Analog Audio Output Frequencies

Hi there,

I am currently designing a program for the Jetson which produces an audio output. This output needs to be analog, as the resulting signal will be processed with some analog filters. From what I can tell, the sampling rate limit for PCM signals on the TX2 is 192kHz. The output will likely need to use frequencies higher than this sampling rate can provide. I was wondering if there is anyway to increase the sampling rate on the Jetson to output higher frequency signals. If not, would it be possible to connect the Jetson to a sound card with a higher output sampling frequency?


I doubt the internal sample rate can be increased as this is related to hardware. Maybe, but I don’t know of such a thing.

Any sound card which works on a desktop PC, and in which the card does not require any drivers not in the existing 4.4 series kernel, should probably work. You might have to add the driver and/or user space software, but it is likely a lot of PCIe audio cards will work (just be careful they don’t have some sort of power requirement the power supply can’t handle).

Maybe someone who has actually added a secondary audio card which worked could comment.

Thanks linuxdev,

Do you know if there is any way to directly output audio in an analog format from the TX2? Like a pin/connection which just outputs the PCM signal. Going from this document on page 50, it appears that there are several methods which can sample at 192KHz. However, those listed seem to be digital formats, such as USB audio. I would like the analog output so that I can directly provide the audio signal from the Jetson in the case I don’t use an external sound card.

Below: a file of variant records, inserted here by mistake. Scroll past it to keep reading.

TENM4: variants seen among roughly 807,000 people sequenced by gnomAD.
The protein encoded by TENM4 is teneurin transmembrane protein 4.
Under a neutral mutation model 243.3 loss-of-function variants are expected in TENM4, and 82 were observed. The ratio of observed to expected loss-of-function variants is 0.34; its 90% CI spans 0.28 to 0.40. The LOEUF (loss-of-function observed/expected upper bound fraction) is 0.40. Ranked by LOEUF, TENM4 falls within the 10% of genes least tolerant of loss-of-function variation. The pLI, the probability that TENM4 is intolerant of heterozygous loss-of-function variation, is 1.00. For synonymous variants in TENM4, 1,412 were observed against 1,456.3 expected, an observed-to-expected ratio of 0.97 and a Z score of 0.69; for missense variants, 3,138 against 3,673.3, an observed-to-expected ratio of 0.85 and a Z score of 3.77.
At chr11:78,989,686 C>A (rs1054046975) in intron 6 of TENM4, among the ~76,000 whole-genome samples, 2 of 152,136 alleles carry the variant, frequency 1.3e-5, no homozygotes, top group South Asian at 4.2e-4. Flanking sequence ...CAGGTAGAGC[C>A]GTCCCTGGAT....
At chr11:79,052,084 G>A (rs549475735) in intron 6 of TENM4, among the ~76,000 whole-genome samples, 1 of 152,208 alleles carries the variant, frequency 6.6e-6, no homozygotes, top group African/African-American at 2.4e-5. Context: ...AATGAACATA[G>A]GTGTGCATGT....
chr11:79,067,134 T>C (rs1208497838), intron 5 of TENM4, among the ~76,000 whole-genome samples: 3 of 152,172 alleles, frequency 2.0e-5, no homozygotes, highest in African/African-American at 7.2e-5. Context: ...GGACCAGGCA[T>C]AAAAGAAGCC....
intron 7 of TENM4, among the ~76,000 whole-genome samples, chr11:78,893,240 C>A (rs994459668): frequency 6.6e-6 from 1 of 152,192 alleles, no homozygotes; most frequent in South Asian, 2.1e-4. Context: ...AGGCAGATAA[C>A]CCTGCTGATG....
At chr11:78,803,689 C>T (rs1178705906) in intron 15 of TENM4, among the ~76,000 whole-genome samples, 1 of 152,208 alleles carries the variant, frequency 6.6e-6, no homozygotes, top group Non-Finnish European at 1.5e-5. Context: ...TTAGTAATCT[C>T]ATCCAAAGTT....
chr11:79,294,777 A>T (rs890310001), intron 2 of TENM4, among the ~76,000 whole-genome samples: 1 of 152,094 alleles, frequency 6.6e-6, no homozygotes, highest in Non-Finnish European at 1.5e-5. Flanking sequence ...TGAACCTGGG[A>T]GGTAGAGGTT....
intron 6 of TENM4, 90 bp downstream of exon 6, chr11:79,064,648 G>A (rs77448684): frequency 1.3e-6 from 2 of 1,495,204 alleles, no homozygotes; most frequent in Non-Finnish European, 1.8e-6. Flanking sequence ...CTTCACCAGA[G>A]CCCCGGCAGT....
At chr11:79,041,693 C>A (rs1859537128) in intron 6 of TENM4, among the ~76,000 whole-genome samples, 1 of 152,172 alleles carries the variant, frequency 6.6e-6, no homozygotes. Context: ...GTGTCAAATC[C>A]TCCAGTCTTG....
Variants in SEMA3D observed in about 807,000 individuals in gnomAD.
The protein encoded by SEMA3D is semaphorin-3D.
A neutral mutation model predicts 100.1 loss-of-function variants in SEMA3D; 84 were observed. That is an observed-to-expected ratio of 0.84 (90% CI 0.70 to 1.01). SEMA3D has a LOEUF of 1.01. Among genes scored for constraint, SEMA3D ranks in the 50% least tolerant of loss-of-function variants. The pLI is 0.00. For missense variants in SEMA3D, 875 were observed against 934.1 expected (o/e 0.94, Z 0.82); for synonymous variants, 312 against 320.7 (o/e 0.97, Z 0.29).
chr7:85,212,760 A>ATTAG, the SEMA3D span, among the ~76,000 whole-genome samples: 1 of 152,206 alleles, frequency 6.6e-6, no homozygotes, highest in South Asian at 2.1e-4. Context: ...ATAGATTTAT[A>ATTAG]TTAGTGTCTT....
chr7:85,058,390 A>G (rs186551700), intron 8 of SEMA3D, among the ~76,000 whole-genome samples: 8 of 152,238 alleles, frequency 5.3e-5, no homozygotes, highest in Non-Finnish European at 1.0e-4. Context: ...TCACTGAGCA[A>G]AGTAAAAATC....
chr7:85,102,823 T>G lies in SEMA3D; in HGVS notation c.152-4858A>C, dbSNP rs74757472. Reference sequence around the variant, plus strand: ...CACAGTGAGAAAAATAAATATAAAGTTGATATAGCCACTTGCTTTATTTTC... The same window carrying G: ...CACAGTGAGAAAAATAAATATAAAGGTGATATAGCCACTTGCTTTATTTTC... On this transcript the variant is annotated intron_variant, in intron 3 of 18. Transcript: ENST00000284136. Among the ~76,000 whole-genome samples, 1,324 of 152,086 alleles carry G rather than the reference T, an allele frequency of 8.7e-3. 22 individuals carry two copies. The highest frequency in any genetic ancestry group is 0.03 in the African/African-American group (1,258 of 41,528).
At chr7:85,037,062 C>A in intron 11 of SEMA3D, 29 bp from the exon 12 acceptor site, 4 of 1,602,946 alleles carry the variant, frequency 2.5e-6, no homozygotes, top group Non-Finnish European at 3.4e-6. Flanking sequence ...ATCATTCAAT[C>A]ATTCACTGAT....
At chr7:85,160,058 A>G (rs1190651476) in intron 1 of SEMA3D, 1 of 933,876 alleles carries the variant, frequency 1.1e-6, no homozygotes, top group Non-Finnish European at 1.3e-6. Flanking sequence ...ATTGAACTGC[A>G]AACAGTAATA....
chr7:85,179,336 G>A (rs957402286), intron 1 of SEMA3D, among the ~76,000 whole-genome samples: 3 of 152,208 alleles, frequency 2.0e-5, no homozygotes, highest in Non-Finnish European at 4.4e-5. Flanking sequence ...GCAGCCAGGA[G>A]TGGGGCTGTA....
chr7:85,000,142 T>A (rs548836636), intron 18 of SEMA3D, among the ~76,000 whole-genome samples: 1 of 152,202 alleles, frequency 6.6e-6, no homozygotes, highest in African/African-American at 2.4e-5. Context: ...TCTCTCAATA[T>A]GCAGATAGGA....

You are looking for a DAC (digital to analog), but the Jetsons do not have this natively. There is i2s output, and you could think of this as a more complex version of PCM, but I do not know of any direct PCM output. I’m not an expert on this, but it sounded like you want over 192KHz sample rate, and this does not seem to be supported directly without extra hardware. Someone else would need to answer, but I doubt you can do what you want without adding hardware.

Thanks linuxdev,
I’ll have to do the DAC stuff externally then. Do you know if I can use the 192KHz rate for an oversampled version of a baseband signal which may not necessarily be a sound signal? I’m wondering if this output is only designed for typical audio signals.

I’m not sure I can answer this, I can only add some thoughts about it. Internally, when audio is expected, then often a certain bit width or rate is set up such that when serialized the most significant bit is sent first, and if the user of the data reads all bits, then it would be lossless. However, it is expected that whoever reads/uses those bits only wants to read fewer bits, then only the least significant bits are lost. I’m not sure what stages internal to various hardware might drop least significant bits, and this might be dropped in unexpected places. Should you buy extra hardware, and if that hardware is marketed for audio, then you would need to pay attention to this.

On the other hand, an expansion DAC, perhaps multichannel, when not marketed for use with audio drivers, very likely is lossless and won’t drop least significant bits. You’d have to read the documents on that hardware. You could use this to output PCM from somewhere internal which is audio, and simply read all bits and then you’d know it was lossless. Unfortunately, I do not have enough knowledge to give you specific cases or hardware.

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